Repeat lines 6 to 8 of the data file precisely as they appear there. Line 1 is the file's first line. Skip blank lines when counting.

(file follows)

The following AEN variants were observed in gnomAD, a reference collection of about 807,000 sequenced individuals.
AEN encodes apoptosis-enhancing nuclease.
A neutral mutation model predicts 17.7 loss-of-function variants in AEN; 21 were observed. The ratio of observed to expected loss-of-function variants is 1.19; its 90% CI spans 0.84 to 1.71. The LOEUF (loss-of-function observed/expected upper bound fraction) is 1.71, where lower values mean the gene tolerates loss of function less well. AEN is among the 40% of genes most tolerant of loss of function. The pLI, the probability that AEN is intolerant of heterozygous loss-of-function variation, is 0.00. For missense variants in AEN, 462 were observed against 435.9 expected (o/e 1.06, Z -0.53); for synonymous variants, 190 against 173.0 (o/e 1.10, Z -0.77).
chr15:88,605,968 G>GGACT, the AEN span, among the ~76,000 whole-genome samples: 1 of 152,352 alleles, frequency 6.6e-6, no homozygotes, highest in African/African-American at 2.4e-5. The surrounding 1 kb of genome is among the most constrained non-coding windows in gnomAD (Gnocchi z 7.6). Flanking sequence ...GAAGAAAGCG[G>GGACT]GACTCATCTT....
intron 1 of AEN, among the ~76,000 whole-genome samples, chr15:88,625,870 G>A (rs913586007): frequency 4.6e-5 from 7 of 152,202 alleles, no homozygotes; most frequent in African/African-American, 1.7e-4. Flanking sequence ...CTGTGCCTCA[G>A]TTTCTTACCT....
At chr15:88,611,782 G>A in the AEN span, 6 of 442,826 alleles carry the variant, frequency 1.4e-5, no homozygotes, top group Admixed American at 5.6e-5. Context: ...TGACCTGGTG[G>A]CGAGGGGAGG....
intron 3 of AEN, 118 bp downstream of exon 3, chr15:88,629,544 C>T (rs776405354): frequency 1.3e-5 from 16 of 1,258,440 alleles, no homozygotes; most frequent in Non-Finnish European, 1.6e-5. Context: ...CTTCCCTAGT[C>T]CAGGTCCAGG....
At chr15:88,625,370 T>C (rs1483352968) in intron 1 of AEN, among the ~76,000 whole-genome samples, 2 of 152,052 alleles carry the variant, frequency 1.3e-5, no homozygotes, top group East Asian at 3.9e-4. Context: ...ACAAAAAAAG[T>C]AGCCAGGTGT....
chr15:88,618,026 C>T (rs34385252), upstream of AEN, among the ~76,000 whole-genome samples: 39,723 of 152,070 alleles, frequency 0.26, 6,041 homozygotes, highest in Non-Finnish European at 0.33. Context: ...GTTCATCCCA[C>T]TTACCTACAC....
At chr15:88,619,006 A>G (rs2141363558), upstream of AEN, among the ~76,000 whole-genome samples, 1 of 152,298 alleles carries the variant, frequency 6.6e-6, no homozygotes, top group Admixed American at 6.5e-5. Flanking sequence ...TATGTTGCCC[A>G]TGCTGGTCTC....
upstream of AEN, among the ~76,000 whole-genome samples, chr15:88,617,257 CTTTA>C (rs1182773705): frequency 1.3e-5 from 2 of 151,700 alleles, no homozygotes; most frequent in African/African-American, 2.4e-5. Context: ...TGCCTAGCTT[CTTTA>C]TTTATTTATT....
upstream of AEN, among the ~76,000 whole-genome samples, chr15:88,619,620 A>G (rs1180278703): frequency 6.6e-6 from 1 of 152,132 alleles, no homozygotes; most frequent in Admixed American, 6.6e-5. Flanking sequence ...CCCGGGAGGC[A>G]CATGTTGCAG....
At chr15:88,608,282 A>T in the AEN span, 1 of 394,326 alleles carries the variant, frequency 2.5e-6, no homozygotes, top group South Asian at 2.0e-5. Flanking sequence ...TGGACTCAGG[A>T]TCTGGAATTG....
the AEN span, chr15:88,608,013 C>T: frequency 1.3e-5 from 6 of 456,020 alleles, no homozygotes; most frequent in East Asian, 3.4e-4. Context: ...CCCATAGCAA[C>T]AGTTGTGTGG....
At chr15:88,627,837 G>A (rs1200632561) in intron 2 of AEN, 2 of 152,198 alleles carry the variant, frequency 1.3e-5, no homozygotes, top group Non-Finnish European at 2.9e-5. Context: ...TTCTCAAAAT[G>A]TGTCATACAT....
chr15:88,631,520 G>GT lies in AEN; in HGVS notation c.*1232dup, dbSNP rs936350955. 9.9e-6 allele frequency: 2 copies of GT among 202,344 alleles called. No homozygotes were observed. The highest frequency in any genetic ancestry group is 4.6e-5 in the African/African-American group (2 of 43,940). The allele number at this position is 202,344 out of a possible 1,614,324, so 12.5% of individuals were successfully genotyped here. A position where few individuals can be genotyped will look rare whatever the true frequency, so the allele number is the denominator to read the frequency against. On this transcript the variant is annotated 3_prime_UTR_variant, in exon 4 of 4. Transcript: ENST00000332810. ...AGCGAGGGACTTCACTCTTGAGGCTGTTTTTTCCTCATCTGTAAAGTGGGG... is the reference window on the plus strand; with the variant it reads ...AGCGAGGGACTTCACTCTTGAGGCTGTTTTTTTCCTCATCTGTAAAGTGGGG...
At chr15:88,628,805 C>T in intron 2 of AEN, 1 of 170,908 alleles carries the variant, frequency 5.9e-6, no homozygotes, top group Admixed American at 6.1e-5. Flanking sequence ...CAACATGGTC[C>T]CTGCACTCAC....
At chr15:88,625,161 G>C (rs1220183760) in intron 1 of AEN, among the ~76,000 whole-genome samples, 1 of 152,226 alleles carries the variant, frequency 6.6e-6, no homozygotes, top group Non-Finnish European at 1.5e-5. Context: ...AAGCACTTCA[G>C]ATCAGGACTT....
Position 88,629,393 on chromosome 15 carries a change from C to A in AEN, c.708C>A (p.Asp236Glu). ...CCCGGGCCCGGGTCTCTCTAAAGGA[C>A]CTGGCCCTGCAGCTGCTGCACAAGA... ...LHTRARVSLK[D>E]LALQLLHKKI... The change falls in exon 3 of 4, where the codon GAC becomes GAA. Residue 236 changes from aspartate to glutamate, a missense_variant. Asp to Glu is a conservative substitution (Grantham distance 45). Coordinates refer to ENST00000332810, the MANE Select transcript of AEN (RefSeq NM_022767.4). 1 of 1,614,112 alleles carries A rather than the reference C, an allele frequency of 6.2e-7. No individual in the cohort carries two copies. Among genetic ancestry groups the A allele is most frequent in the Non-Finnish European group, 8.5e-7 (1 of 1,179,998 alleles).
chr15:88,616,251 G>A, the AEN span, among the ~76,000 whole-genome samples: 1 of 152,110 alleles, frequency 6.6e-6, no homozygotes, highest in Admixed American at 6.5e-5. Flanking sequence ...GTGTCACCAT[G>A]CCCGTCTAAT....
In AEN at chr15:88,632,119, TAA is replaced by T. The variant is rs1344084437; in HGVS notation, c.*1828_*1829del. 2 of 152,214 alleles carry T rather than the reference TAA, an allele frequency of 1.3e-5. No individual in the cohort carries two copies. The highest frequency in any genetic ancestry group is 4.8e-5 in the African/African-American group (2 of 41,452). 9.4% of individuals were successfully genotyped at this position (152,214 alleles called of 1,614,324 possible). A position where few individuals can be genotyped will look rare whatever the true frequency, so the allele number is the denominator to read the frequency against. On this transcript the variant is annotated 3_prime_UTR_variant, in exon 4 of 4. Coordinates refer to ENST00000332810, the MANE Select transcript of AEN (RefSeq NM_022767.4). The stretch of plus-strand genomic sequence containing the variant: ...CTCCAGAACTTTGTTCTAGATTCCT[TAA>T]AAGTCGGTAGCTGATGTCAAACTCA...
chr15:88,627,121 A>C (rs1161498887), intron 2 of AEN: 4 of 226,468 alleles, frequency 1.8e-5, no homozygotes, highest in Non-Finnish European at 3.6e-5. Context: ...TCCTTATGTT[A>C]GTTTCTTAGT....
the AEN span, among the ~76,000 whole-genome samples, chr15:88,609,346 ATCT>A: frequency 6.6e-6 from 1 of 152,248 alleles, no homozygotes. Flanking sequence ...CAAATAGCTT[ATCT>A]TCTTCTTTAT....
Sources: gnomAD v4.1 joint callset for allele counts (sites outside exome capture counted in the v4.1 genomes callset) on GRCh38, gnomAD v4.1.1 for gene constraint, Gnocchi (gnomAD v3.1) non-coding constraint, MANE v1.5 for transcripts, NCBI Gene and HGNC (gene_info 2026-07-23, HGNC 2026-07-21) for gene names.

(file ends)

At chr15:88,611,782 G>A in the AEN span, 6 of 442,826 alleles carry the variant, frequency 1.4e-5, no homozygotes, top group Admixed American at 5.6e-5. Context: ...TGACCTGGTG[G>A]CGAGGGGAGG....
intron 3 of AEN, 118 bp downstream of exon 3, chr15:88,629,544 C>T (rs776405354): frequency 1.3e-5 from 16 of 1,258,440 alleles, no homozygotes; most frequent in Non-Finnish European, 1.6e-5. Context: ...CTTCCCTAGT[C>T]CAGGTCCAGG....
At chr15:88,625,370 T>C (rs1483352968) in intron 1 of AEN, among the ~76,000 whole-genome samples, 2 of 152,052 alleles carry the variant, frequency 1.3e-5, no homozygotes, top group East Asian at 3.9e-4. Context: ...ACAAAAAAAG[T>C]AGCCAGGTGT....